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Vankor losing preferences

A long-lasting struggle between Rosneft and the finance ministry over preservation of preferences for the Vankor field is finishing in favor of the ministry. As of May 1 the oil company is not allowed to use the preferential export duties rate; it will have to transfer the record high $454.7 per ton of oil to the budget considering the current oil prices. The preferential rate for Eastern Siberian deposits will remain at $211.7 per ton.

It should be mentioned that in addition to Vankor, two other large fields will be deprived of the preferences – Verkhnechonskoe (TNK-BP) and Talakan (Surgutneftegaz). Rosneft’s logic is quite understandable – the bad news should be offset by the fact that competitors of Russia’s major state oil firm are also to sustain losses.

From the point of view of collecting budget revenues in the pre-election period to ensure uninterrupted growth in social payments to the population and state subsidies to problem enterprises, the decision to reduce taxation preferences is quite justified. However, there are questions about the logic of organizing the fiscal system in the oil and gas sector where there are no constant and stable rules for everyone but there is a set of constantly renewed decisions on certain companies and deposits. Such fiscal confusion is a doubtful advantage in terms of attracting foreign and domestic investments in the Russian fuel and energy sector.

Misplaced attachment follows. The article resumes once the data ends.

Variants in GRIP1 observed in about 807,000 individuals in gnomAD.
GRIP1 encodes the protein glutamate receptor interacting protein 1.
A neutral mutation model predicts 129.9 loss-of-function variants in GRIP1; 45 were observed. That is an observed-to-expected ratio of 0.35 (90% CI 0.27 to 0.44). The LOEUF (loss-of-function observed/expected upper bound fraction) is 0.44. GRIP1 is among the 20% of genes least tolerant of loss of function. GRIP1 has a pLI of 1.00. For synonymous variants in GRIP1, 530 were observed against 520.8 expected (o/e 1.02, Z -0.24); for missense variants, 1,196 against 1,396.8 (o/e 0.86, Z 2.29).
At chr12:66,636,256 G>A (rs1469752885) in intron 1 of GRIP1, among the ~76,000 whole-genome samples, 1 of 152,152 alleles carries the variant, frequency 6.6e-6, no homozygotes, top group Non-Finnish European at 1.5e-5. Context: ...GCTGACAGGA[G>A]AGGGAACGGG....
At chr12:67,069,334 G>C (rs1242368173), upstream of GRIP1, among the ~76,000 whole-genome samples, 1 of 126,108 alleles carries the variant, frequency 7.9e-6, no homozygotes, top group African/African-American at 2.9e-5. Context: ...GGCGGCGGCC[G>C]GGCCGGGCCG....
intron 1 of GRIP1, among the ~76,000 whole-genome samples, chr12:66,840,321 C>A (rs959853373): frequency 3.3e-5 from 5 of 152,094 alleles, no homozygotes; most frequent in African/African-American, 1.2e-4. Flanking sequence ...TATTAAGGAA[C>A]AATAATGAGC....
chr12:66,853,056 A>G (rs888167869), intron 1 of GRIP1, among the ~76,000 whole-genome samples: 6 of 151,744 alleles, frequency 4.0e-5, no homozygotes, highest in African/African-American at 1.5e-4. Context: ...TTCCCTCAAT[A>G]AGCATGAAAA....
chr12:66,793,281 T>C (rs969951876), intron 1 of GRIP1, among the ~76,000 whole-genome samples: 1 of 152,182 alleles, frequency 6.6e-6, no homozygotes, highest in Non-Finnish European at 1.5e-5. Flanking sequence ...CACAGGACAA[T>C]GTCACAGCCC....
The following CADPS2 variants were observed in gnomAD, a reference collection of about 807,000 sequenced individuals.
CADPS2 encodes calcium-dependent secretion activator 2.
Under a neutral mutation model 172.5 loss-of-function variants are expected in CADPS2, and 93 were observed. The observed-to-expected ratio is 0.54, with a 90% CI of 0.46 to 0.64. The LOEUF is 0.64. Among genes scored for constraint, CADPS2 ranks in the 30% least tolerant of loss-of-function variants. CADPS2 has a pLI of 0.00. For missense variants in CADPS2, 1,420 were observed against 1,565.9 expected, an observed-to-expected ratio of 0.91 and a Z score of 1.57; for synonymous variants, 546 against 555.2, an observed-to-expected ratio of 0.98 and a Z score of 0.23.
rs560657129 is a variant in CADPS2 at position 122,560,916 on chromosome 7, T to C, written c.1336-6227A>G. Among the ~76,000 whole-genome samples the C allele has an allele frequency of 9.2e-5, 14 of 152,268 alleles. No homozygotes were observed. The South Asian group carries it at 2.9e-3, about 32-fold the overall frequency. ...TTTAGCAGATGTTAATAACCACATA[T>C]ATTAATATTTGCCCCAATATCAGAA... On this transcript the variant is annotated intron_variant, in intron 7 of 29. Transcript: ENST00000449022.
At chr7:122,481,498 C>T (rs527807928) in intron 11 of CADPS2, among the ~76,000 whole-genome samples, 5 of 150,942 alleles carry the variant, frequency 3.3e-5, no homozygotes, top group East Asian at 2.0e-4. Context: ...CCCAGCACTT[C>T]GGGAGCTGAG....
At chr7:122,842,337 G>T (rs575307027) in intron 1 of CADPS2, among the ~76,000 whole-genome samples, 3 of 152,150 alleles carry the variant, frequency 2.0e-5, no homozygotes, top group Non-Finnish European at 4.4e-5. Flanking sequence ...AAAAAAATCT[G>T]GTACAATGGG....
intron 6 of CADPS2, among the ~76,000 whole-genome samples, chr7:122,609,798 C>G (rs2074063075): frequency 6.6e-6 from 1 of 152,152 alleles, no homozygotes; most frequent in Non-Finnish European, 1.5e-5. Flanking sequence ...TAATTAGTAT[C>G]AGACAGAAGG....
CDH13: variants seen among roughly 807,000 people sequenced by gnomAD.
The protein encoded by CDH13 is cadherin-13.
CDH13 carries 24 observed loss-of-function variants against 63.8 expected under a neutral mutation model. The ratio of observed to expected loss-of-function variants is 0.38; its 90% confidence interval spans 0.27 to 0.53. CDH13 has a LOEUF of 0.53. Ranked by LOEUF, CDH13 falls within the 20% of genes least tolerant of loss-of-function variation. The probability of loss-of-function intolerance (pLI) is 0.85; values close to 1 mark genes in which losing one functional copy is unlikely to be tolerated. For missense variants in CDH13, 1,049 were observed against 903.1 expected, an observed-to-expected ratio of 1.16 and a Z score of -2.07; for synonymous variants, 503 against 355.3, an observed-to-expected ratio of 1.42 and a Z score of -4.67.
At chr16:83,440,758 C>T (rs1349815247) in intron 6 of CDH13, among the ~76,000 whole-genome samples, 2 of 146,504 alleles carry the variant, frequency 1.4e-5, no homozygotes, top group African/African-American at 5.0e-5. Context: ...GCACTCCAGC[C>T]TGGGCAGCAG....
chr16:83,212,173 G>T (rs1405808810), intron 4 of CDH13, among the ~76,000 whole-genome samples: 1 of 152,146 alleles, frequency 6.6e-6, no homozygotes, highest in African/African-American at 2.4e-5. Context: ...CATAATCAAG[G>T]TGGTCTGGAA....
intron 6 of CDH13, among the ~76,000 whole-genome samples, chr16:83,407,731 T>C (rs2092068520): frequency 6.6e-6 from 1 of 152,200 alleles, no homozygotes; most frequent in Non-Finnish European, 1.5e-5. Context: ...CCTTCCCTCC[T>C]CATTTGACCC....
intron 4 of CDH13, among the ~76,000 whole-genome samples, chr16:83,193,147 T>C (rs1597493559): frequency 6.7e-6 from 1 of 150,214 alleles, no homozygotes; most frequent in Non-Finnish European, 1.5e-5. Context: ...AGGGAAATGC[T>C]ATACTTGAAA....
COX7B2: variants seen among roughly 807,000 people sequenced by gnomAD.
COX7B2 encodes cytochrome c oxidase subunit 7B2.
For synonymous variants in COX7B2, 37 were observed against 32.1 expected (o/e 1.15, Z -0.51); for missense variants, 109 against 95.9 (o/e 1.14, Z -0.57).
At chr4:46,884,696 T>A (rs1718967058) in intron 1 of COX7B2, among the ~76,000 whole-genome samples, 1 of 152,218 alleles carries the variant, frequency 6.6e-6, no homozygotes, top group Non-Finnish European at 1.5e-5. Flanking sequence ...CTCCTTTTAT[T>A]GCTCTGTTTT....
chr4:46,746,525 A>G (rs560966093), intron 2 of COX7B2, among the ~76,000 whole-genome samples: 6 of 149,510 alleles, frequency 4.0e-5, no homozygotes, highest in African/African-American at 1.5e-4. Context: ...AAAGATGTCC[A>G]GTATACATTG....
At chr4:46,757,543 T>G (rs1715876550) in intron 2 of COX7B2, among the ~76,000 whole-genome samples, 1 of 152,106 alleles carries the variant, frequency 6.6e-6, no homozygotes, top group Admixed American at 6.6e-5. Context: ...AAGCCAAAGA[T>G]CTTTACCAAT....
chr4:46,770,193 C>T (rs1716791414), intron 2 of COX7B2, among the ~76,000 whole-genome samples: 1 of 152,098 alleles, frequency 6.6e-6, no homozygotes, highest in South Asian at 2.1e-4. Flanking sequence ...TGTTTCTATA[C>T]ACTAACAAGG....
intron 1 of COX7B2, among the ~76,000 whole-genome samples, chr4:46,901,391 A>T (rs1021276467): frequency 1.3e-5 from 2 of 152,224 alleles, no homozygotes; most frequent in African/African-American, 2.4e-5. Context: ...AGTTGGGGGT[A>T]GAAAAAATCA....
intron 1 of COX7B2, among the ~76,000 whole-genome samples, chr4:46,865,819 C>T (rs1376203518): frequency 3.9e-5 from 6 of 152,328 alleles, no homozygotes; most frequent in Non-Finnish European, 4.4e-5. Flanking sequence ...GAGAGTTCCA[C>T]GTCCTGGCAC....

By Stanislav Mitrakhovich, NESF leading expert

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Analytical series “The Fuel and Energy Complex of Russia”:

Gazprom on the background of external and internal challenges
Regulation of Oil and Gas Sector in 2019 and Prospects for 2020
Fiscal Policy on Oil and Gas Sector: Revised as Often as Wikipedia
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Ukrainian Gas Hub: Climax at Hand
The “zero hour” comes in less than a month: the contracts for gas transit through Ukraine and for supplying Russian gas to the country terminate at 10 am on 1 January. Meanwhile, Gazprom and Naftogaz are very far from looking for a mutually acceptable solution. The entire European gas business is watching intently the negotiations between Russia and Ukraine. Everyone is waiting for a new “gas war”: the January 2009 events proved to be a serious test both to European consumers and to Gazprom as a supplier. Is there still a chance of agreement? If there is not, will Gazprom cope with its obligations to deliver gas to Europe? Is Russia bluffing as it assures that the new infrastructure and gas in underground storage facilities will enable it to get by without Ukrainian transit even as soon as this winter? What will happen to Ukraine itself at the beginning of 2020?
Digitisation and Its Implications for Oil and Gas: Myths and Possible Reality

All reports for: 2015 , 14 , 13 , 12 , 11 , 10 , 09 , 08 , 07

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